Along For The Ride Review: Dessen Adaptation Is As Good As To All The Boys

Netflix’s latest teen-focused romance movie is Along for the Ride, based on the 2009 Sarah Dessen novel of the same name. It’s the first of Netflix’s adaptations of Dessen’s popular young adult novels, with the streaming service having optioned the rights for two others, This Lullaby and Once and For All. For its part, Along for the Ride also serves as the directorial debut of Sofia Alvarez, who penned the script as well. The filmmaker wrote Netflix’s wildly popular teen rom-com To All the Boys I’ve Loved Before and its sequel, To All the Boys: P.S. I Still Love You — both of which were also based on young adult novels, though by Jenny Han. Along for the Ride follows in its stead. Along for the Ride captures the magic of young adulthood and first love, delivering a relatable coming of age story with a sweet romance.

The movie follows 18-year-old Auden West (Emma Pasarow), who goes to stay with her father Robert (Dermot Mulroney) in the small beachside town of Colby during the summer after graduating high school. But with her father focused on his new novel and her stepmother Heidi (Kate Bosworth) preoccupied with their new baby, Auden spends most of her time working in Heidi’s clothing boutique and staying up late. One night, Auden meets the mysterious Eli (Belmont Cameli), who shows her the best spots to go late at night in Colby. With Eli’s help, Auden embarks on a quest to have more normal teen experiences after spending much of her high school years focused on work and impressing her mother Victoria (Andie MacDowell). Along the way, Auden learns more about Eli, befriends the girls who work at her stepmother’s store — Maggie (Laura Kariuki), Leah (Genevieve Hannelius) and Esther (Samia Finnerty) — and discovers the kind of person she wants to be.

Related: Along for the Ride Trailer Reveals First Look At Netflix’s Sarah Dessen Movie

Like many Dessen novels, Along for the Ride weaves together both coming-of-age and romance plot beats, creating young female characters whose stories don’t necessarily revolve around love and relationships, but recognize those are a part of growing up. Alvarez has a deft hand in adapting Dessen’s work by keeping Auden’s story well-rounded and balanced between her relationship with her parents and her budding romance with Eli. Alvarez was, of course, instrumental to the success of To All the Boys as its writer, but her directing abilities are on display for the first time with Along for the Ride, and she proves to have a sharp understanding of how to keep the spirit of the book alive while creating a movie that’s fresh and modern while still feeling timeless. Both Dessen and Han have amassed legions of fans for their young adult novels, and Alvarez should get the same amount of praise and attention for delivering such excellent movies based on the authors’ works.

For their parts, the cast certainly helps to make the movie as compelling as it is, with Pasarow especially giving a performance that helps to sell Auden as a relatable awkward teen who’s finally coming into her own personhood through her experiences in Colby. Pasarow’s talent is especially on display when acting opposite MacDowell and Mulroney as her parents, with all three managing to bring a great amount of depth to the fraught relationships between the family. Bosworth, too, is fun and charming as Heidi even as she’s tasked with the tough job of walking a line between annoying stepmother and sympathetic new mother. However, the real heart of Along for the Ride comes from Pasarow’s Auden interacting with the younger characters, particularly Cameli’s Eli. Thanks to their performances, it’s a delight to watch the tentative, burgeoning relationship unfold between the two characters. There may be more to the story of Along for the Ride than the romance, but Pasarow and Cameli certainly deliver a sweetly charming dynamic.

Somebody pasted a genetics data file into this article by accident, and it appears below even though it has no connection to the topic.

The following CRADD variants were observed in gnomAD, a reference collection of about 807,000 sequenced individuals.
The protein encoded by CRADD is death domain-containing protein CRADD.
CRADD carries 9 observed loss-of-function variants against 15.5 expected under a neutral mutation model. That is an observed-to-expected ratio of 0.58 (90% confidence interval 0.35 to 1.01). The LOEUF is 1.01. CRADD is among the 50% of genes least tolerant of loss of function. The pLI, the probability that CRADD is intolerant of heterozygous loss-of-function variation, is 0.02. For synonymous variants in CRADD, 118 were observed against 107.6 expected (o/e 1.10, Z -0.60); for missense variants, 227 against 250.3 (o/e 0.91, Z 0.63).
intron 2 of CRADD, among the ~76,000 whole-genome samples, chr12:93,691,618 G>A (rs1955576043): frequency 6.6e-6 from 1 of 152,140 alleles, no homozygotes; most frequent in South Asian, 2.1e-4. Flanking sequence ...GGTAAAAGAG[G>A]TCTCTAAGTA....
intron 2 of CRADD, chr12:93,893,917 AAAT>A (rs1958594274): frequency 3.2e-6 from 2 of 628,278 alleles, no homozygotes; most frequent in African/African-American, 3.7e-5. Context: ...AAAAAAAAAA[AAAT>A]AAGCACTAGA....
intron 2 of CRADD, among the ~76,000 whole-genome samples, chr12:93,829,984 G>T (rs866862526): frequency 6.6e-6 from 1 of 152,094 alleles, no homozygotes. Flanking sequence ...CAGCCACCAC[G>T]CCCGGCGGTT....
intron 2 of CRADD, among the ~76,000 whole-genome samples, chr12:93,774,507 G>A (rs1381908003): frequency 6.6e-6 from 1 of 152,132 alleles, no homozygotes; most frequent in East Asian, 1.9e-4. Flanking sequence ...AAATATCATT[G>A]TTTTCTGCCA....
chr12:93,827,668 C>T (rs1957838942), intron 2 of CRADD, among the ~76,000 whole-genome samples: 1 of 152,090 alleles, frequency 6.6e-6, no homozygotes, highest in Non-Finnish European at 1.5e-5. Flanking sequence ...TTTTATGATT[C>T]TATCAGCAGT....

In addition to Alvarez’s script and directing, and the casts’ performances, the music by Beach House in Along for the Ride creates a fresh and carefree atmosphere for the movie that perfectly fits the mood of Auden’s story. Using songs by the likes of Troye Sivan and Santigold, the Along for the Ride soundtrack helps to give the summer teen movie a unique, but contemporary ambiance. The music fits the current moment while avoiding songs that are too popular and therefore too defined by any particular time. Beach House’s soundtrack helps Along for the Ride feel like a timeless teen story that will remain relevant and relatable for a long time.

Netflix has made itself a destination for movie adaptations of young adult novels from the aughts and 2010s, thanks in part to Alvarez’s work on the To All the Boys movies and, now, Along for the Ride. Ultimately, Along for the Ride is a charming and compelling coming-of-age romance movie. It’s an excellent adaptation of Dessen’s novel, but stands on its own as a teen-focused drama, which is no easy feat. Fans of Dessen’s work, and those who enjoyed To All the Boys I’ve Loved Before, would do well to check out Along for the Ride. Those that give the film a chance will likely enjoy this quirky and cozy teen drama.

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Along for the Ride releases on Netflix Friday, May 6. It is 106 minutes long and is not yet rated.